Every-day Thoughts in Prose and Verse
by Ella Wheeler Wilcox
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Platonic Love.
    Dear Madam--Will you please give me a full explanation
of platonic love?  I know this is a very deep subject, and
one which is discussed very often; but all of my friends
seem to have a different opinion of what they think it is.
For this reason I submit it to you.  What is platonic love?
                                                            WOMAN READER.
So Platonic love is a deep subject!  I beg leave
to differ with my questioner on this point.
   In truth, I hold Platonic love to be so shallow
that it can be seen through at a glance.
   It does not exist.
   There is no such thing.
   There is a friendship possible between a man and
woman.  It is a mental comradeship, or admiration,
which does not call for actual association.
   This man and woman are quite satisfied to hear
of each other's health, happiness and success.
Months, or even years, may intervene without their
meeting, and they feel no sense of loss or loneliness.
At times the thought may flash across either mind
that it would be pleasant to meet and exchange
greetings.  But there is no pain in separation.
   If either hears of the other's misfortune, loss or
failure in any project, there is genuine regret and
sympathetic sorrow.
   When they meet, there is mutual pleasure and
exchange of ideas and experiences, but no pain at
parting, and no necessity is felt by either for a fixed
date of meeting again.
   The moment that necessity is felt by either one,
friendship has crossed the danger line.
   A man or a woman may entertain a half dozen or
a score of such friendships, according to his or her
capabilities of human interest.  A woman may
enjoy meeting one man occasionally for his wit,
another for his wisdom, another for his knowledge
of the world, another for his agreeable social qual-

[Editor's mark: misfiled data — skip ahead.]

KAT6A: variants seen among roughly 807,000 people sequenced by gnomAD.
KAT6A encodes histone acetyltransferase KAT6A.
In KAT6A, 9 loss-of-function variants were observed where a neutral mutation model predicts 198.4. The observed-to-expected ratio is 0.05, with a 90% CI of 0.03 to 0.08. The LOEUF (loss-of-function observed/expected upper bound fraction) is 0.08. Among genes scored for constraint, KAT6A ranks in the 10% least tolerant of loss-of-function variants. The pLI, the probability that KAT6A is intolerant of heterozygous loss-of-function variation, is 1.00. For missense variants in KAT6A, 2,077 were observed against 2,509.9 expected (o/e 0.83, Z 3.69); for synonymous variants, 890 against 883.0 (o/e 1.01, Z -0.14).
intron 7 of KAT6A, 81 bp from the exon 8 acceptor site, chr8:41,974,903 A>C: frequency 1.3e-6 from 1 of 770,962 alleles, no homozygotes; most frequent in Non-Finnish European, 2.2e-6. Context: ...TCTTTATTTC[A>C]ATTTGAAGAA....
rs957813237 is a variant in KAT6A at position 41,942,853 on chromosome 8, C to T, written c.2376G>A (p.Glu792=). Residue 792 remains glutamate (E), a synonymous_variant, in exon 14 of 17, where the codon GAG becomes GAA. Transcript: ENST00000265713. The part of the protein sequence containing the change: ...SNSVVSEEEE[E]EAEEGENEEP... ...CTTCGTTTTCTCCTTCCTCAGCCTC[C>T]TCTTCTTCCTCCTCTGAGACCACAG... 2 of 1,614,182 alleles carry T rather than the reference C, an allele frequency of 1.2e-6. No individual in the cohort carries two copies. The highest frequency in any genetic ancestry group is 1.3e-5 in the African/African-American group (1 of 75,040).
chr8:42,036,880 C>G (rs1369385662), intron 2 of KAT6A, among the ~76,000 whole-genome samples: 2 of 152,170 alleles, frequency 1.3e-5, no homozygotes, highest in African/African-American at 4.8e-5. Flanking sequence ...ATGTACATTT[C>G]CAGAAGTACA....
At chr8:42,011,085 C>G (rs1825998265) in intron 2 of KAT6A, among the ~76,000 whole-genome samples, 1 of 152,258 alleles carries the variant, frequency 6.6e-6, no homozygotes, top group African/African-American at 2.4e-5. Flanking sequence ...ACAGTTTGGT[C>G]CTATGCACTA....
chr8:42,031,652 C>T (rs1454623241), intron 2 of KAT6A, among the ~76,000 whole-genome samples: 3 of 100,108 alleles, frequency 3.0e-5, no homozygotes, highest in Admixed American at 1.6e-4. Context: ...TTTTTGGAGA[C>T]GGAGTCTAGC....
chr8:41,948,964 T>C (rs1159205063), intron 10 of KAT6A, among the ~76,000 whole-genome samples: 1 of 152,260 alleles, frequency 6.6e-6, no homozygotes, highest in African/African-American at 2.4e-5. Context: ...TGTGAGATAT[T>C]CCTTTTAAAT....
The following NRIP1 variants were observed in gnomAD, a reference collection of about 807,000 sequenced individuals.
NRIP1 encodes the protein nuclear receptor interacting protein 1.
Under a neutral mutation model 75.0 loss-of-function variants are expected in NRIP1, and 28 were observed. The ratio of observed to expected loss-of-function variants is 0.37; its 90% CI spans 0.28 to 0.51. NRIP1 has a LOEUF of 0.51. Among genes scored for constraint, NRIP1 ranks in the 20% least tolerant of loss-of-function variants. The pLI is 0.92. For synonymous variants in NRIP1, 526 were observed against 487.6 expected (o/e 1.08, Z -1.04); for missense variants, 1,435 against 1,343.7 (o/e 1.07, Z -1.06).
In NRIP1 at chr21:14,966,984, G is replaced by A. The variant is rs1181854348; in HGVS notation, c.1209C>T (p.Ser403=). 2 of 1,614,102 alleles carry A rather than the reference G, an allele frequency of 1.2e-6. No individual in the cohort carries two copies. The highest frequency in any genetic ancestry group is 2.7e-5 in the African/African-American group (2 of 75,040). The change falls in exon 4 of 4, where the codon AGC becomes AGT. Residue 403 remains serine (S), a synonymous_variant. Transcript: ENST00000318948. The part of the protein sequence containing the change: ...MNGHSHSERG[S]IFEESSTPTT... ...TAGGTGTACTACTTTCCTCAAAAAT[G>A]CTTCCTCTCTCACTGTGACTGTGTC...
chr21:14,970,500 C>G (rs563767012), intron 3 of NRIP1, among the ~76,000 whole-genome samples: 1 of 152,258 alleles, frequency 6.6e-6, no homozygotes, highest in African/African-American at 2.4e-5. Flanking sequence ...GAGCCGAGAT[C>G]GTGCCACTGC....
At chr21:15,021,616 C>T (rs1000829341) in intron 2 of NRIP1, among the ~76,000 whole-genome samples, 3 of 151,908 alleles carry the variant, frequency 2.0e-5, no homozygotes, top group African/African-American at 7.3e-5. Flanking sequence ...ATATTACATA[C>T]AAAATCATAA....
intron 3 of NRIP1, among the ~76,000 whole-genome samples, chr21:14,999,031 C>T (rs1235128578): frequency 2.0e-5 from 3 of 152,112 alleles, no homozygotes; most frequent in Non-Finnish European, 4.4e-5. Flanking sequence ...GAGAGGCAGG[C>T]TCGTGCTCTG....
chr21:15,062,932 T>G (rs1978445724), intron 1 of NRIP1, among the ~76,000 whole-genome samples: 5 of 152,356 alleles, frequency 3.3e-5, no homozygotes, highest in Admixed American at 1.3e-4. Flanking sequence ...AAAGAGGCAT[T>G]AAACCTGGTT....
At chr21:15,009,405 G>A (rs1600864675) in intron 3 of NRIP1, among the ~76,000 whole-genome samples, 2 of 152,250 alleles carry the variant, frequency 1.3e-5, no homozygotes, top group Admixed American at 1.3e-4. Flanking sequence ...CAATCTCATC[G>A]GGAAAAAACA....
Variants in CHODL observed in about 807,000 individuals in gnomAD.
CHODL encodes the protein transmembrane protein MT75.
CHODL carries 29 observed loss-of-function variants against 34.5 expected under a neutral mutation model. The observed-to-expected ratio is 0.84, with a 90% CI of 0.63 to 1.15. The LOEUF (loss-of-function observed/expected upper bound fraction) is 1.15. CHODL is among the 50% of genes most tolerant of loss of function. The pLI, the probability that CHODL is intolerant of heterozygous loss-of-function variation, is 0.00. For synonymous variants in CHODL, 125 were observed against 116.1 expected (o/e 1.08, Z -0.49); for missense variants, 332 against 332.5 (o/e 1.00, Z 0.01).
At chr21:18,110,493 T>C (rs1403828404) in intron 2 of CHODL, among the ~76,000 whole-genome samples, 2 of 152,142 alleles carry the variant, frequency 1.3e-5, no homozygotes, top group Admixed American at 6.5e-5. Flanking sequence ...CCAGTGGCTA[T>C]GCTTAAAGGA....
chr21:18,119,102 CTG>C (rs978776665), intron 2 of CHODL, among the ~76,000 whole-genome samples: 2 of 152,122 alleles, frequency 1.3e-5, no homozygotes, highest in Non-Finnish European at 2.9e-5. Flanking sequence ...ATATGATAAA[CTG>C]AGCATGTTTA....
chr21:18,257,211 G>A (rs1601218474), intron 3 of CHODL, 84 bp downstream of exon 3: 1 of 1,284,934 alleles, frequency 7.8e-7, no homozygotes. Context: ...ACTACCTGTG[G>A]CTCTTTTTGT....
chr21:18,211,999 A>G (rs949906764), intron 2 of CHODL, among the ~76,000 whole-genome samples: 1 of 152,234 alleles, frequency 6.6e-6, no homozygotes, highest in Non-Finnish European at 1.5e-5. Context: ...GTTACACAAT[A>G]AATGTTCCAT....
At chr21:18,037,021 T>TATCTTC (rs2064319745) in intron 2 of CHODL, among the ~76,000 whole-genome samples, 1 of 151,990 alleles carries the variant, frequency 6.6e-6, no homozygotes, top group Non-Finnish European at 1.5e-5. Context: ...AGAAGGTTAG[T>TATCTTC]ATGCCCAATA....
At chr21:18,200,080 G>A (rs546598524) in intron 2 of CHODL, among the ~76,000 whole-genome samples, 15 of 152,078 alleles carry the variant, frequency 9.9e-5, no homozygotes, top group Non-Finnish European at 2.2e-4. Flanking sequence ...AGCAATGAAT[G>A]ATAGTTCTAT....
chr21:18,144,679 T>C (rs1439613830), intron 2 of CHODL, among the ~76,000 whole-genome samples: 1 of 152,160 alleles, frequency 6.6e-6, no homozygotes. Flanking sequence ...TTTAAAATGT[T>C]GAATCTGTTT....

ities.  Not one is necessary to her life, yet all con-
tribute to its entertainment.  She would be glad of
the good fortune of any one, sorry for his mis-
   She would do any favor consistent with good taste
for any one of them.  She would be saddened by
the death of any one of them, yet the loss would
not shadow her life.
   This is my idea of wholesome, sincere friendship
between man and woman.
   It is in no sense Platonic love.
   The moment we use the word love, we speak of a
claim, a necessity.
   The element of love entering into our affection,
we find the object necessary to our happiness.
   When a man becomes in any way necessary to a
woman or a woman to a man, the tie is no longer
mere "friendship," nor can any trumped up make-
shift of "Platonism" disguise its real nature.
   When any human being becomes a part of your
plans for pleasure or happiness each day, or each
week, or each month, there is danger ahead for
you, if that being is of the opposite sex, and not
related to you by blood ties.
   Wreathe it over as you will with flowery talk of
Platonic love, nevertheless you are marching
straight to the chasm of dangerous experiment.
   You may as well carry a lighted match into a
dynamite factory and say you are safe.
   A man's cook, his laundress or stenographer may
be necessary to his comfort or to the successful
accomplishment of his business.  He may say, "I
could not get along without her."  But that is
another question.
   It is when the social and holiday side of the man's
nature feels the necessity of some one woman to
share his enjoyment that he needs to be on his
guard, if he wishes to avoid giving or receiving
pain or finding himself in some sort of trouble.
   However mental, spiritual or high-minded a man
and woman may be, there can be no continued
pleasure in repeated association which does not
contain an element of the senses.
   They may be unconscious of it, yet it is neverthe-
less there, a subtle, magnetic current, impossible to
define and as full of danger as the lightnings or the
"live wire."
   Selfish, self-indulgent men will tell you there is
not a word of truth in what I say, dear madam, but
they know every word of it is true.  And if you
allow any one of them to undertake to prove the
existence of "Platonic love" to you, you, too, will
find to your sorrow how correct my estimate is.

Every-day thoughts in prose and verse. by Ella Wheeler Wilcox
Chicago: W. B. Conkey Company, 1901.

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